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Ex-Cop Serial Killer Believed Dead In Burning Cabin

A former Los Angeles Police officer -- who attended college and played football in southern Utah -- accused of embarking on a murder spree and killing four people in acts of revenge, is believed to have died in a burning cabin in the California wilderness while surrounded by authorities, officials said Wednesday.
Aerial images of local and law enforcement vehicles are seen in the area where it is believed that fugitive ex-cop Christopher Dorner might be. (ABC News)
Aerial images of local and law enforcement vehicles are seen in the area where it is believed that fugitive ex-cop Christopher Dorner might be. (ABC News)
Flames from a fire in a cabin in Big Bear, Calif., can be seen in this overhead photo; ex-LAPD officer and fugitive Christopher Dorner is believed to have taken refuge in the cabin during a shoot-out with police, Feb. 12, 2013. (ABC News)
Flames from a fire in a cabin in Big Bear, Calif., can be seen in this overhead photo; ex-LAPD officer and fugitive Christopher Dorner is believed to have taken refuge in the cabin during a shoot-out with police, Feb. 12, 2013. (ABC News)
A cabin in Big Bear, Calif. is on fire; ex-LAPD officer and fugitive Christopher Dorner is believed to be hiding out in the cabin after a shootout with police on Feb. 12, 2013. (ABC News)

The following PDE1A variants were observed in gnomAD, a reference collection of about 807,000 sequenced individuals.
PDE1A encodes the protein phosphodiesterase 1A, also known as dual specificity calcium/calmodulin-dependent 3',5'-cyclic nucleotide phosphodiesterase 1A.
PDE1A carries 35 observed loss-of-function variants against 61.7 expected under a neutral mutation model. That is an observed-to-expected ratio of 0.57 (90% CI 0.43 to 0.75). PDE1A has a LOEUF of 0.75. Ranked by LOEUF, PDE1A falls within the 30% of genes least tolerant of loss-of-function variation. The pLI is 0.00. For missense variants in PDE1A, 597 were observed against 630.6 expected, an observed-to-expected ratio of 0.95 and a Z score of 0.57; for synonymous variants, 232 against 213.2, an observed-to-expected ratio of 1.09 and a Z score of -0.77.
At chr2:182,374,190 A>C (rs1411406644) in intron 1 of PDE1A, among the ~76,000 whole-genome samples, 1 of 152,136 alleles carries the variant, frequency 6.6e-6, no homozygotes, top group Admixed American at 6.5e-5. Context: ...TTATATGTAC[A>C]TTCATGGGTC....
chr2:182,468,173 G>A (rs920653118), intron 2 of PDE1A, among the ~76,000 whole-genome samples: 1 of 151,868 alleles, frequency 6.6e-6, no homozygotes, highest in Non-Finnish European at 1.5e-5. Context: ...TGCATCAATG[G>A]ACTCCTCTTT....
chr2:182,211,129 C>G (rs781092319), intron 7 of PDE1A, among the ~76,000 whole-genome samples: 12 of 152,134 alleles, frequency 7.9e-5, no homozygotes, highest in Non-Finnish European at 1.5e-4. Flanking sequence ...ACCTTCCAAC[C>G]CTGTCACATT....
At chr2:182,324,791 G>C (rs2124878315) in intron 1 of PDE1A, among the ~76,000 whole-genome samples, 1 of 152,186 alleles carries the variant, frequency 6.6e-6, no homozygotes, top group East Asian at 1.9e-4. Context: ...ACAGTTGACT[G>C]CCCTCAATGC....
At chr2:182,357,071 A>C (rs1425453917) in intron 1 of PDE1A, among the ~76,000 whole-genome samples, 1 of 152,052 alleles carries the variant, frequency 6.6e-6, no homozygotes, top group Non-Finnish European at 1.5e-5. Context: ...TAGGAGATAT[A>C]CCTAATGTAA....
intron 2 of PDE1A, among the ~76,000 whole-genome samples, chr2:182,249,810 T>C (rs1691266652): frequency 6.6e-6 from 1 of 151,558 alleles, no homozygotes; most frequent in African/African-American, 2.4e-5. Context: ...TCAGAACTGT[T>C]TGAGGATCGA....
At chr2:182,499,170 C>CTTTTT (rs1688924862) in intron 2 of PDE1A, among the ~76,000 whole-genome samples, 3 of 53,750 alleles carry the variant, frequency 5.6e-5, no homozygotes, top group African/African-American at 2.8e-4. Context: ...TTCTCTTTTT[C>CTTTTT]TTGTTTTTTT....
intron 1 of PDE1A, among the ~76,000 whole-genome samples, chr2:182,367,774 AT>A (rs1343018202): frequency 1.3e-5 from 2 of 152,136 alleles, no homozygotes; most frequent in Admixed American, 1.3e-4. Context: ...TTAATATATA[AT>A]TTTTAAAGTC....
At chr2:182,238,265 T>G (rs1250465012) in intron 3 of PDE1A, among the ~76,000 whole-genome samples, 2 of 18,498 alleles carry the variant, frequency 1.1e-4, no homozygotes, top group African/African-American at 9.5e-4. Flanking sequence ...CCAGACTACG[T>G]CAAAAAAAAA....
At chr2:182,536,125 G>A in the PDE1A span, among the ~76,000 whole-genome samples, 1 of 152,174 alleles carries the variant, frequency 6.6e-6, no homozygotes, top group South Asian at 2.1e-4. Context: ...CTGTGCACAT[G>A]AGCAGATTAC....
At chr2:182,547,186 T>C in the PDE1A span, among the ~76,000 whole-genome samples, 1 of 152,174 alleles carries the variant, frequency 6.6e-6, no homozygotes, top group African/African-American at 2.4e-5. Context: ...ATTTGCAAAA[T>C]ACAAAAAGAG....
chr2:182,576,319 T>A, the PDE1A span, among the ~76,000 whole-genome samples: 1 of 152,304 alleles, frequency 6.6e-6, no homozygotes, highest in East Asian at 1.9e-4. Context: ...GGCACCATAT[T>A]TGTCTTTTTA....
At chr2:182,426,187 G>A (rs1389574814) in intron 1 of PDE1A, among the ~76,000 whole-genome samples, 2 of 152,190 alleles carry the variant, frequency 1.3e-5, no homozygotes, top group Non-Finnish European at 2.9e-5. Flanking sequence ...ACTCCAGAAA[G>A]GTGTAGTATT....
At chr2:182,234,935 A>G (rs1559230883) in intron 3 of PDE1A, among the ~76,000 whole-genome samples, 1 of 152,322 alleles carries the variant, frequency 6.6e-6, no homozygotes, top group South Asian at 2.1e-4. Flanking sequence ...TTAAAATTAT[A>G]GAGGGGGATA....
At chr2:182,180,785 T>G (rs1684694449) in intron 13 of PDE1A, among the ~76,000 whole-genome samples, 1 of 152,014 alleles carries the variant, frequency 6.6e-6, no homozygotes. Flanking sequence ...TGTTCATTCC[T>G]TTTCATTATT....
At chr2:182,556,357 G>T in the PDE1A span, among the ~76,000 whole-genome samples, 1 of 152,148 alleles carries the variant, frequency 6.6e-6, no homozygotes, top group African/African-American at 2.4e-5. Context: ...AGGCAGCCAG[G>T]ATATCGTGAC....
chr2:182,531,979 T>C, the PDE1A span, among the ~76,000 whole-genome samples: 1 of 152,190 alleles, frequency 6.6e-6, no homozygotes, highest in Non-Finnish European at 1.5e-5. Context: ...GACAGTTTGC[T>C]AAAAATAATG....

A cabin in Big Bear, Calif. is on fire; ex-LAPD officer and fugitive Christopher Dorner is believed to be hiding out in the cabin after a shootout with police on Feb. 12, 2013. (ABC News)
BIG BEAR LAKE, Calif. (ABC 4 News) - A former Los Angeles Police officer -- who attended college and played football in southern Utah -- accused of embarking on a murder spree and killing four people in acts of revenge, is believed to have died in a burning cabin in the California wilderness while surrounded by authorities, officials said Wednesday.

Christopher Dorner, 33, was spotted in the area of Big Bear Lake on Tuesday before stealing two vehicles and barricading himself in a cabin. Officials surrounded the cabin and may have set it on fire by attempting to lure the suspect out with tear gas canisters. Dorner, who sparked a massive manhunt across southern California by killing three LAPD officers, remained inside the cabin as it caught fire. Charred human remains, believed to belong to the suspect, were discovered later in the ashes.

If the remains are Dorner's, it marks the end of an immense 10-day manhunt for the fugitive that started with the shooting deaths of three Los Angeles Police officers.

A furious shootout occurred at the cabin between Dorner and authorities, during which a sheriff's deputy was killed and another was wounded by gunfire. The cabin caught fire at one point during the confrontation -- possibly from police tear gas canisters.

Some officers could be heard over the police radio ordering the destruction of the cabin. At one point, officers could be heard saying, "burn it" and "the burners are deployed, and we have a fire."